Metacognition in the Math Classroom

Metacognition in the Math Classroom

Metacognition, essential to success across all academic areas, is especially important in math. There are a number of ways that teachers can help their students become strategic math learners and promote self-awareness.

Background: Metacognition in the Math Classroom 

How does math rely on metacognition? An article published by ASCD describes the connections between metacognition and mathematics(link opens in new tab/window)↗. Metacognition means (1) being aware of one’s own thought processes and (2) controlling and regulating these processes. The process of solving math problems typically follows these steps, which rely on metacognition:

      • Understand

        • Plan

          • Solve

            • Reflect

Students have to actively choose heuristics, or strategies, that work for the problem they are trying to solve. But it doesn’t stop there. Students have to actively monitor their progress through the problem. If their first strategy isn’t working, students will have to revise their plan and shift to use a new strategy. As described in the article, strategies like journaling and video recording during the problem-solving process help students monitor and regulate their thinking.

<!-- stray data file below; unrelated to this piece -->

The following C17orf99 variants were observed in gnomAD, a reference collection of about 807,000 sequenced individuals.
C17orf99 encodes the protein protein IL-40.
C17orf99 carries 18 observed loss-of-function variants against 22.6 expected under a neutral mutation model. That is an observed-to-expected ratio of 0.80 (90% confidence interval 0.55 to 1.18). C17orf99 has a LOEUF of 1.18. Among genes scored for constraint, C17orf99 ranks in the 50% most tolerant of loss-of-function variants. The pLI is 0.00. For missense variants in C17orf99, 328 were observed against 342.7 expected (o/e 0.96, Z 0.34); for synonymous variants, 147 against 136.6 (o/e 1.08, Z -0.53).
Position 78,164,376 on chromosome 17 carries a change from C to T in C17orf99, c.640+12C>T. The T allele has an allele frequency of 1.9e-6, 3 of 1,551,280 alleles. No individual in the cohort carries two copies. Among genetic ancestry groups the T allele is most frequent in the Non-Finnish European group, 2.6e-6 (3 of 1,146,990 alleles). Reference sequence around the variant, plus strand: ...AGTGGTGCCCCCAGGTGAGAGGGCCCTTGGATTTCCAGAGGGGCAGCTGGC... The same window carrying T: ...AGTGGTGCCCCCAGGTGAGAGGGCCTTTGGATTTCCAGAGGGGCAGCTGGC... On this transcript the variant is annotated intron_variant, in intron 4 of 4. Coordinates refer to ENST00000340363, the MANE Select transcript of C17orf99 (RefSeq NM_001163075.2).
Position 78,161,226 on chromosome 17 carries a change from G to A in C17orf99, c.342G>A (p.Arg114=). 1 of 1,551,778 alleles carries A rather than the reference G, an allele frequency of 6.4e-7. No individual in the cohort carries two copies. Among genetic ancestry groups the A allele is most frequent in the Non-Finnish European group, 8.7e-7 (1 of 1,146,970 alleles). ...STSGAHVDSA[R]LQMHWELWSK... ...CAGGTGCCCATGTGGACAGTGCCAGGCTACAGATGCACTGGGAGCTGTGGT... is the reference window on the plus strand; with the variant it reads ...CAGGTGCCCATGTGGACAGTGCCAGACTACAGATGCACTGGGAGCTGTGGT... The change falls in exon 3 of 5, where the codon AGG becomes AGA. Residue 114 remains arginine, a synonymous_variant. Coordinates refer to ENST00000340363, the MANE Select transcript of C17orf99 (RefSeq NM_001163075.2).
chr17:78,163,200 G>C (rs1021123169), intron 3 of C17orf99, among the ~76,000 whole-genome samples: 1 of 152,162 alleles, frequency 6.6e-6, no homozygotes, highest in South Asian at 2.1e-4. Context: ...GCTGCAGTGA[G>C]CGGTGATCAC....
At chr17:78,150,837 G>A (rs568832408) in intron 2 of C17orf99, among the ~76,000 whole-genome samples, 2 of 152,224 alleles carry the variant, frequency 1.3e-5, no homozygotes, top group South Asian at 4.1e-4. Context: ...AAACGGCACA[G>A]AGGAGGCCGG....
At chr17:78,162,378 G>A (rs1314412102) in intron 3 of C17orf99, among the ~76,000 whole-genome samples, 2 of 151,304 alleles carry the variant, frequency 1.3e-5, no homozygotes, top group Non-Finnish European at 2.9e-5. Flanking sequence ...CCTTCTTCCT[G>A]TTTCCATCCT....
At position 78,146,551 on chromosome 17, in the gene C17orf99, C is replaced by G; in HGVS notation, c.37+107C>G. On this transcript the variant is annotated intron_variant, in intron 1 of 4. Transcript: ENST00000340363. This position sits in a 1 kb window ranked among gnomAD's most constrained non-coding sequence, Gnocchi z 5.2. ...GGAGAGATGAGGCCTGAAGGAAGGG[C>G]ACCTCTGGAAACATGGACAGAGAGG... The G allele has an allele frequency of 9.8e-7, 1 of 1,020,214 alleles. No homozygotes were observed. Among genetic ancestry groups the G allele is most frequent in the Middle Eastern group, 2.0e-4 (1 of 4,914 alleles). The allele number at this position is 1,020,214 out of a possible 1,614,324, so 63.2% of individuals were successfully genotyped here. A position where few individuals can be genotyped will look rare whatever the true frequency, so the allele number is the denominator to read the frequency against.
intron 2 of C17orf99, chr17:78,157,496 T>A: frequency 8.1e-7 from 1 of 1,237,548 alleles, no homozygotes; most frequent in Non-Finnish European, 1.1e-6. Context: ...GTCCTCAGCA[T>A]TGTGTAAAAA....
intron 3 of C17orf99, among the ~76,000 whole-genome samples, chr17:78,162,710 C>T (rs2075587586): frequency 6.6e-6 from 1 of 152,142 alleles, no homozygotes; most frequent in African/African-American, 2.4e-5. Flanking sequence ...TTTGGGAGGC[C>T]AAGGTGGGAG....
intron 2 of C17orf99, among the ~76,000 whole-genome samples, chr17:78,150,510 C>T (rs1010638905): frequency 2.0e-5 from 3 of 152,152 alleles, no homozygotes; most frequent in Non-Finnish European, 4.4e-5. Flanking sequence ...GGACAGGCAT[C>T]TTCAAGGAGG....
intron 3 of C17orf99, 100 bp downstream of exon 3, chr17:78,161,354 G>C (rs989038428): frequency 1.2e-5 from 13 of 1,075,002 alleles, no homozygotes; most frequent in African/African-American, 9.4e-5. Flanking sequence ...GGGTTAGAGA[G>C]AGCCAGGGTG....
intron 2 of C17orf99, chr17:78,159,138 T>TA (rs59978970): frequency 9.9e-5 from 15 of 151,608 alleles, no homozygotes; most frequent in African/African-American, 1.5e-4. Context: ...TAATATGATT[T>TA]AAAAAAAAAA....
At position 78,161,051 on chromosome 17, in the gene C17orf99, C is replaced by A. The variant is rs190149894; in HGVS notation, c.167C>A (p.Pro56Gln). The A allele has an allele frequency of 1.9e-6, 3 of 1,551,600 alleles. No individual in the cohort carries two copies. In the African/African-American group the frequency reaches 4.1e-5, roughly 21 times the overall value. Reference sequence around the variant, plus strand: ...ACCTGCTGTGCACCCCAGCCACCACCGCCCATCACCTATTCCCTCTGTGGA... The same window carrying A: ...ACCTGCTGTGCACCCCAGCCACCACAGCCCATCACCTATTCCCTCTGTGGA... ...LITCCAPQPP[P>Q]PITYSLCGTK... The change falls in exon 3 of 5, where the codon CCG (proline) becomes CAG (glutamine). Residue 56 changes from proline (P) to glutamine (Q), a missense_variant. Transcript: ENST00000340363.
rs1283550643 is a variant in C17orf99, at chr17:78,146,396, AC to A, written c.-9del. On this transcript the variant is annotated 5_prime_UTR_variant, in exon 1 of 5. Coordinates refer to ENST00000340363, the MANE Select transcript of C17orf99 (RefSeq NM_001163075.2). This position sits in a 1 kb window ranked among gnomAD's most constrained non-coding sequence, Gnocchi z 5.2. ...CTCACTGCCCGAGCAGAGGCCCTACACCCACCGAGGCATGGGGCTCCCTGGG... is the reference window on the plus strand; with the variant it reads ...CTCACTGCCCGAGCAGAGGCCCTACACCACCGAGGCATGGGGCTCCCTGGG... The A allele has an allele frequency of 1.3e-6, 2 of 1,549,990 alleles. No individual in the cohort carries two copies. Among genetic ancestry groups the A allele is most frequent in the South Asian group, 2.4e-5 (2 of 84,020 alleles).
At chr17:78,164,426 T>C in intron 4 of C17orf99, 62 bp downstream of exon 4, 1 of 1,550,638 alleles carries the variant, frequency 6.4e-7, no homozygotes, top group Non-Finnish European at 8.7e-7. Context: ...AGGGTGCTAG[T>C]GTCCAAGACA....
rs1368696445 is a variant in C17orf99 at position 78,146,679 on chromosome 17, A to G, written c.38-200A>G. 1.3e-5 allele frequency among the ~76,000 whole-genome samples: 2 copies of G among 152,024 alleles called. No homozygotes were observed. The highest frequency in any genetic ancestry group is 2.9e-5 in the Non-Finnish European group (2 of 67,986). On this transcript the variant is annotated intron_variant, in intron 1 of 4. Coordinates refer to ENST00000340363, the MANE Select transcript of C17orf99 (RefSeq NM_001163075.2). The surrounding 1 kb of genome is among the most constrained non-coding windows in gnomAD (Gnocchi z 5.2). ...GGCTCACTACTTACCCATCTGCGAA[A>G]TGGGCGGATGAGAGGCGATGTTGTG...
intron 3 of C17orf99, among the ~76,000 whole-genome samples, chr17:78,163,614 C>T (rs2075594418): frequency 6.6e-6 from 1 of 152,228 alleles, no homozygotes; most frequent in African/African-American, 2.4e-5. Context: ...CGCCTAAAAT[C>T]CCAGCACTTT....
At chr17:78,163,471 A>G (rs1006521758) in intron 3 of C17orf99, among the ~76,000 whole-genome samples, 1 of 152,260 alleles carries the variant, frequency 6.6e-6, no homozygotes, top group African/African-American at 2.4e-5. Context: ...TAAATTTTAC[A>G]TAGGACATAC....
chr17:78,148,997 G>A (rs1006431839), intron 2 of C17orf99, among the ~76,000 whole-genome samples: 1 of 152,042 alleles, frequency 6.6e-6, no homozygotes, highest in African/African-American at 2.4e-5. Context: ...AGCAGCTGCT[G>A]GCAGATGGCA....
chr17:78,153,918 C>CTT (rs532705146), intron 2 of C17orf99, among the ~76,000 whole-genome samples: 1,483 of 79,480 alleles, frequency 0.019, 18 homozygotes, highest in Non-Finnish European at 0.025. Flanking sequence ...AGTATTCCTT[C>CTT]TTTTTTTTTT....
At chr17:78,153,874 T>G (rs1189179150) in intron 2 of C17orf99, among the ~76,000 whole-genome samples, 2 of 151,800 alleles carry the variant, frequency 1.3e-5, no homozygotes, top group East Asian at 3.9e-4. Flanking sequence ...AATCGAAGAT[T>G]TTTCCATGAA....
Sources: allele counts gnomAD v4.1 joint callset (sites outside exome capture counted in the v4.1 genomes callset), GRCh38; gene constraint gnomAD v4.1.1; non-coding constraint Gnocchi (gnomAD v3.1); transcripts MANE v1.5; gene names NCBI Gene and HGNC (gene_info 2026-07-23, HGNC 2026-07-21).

Math Journals

Whether students keep track with paper or pencil or use a digital math journal (such as one from CueThink(link opens in new tab/window)↗), the act of journaling can help students document how they solved certain problems, why they chose certain strategies, and lessons learned through reflecting on their problem-solving.

Video recordings

Video recording students’ thinking forces them to think through their processes enough to articulate them and make their thinking visible. This also provides an opportunity for teachers to understand and aid students’ reflection process.

It is no secret that metacognition is an integral component of academic and lifelong success. For specific metacognitive math strategies, check out this post and Lesson 5.5 Shifty Math in SMARTS Elementary and SMARTS Secondary.

  • Caitlin Vanderberg, M.Ed., SMARTS Associate

SMARTS Executive Function Curriculum:

Research Institute for Learning and Development: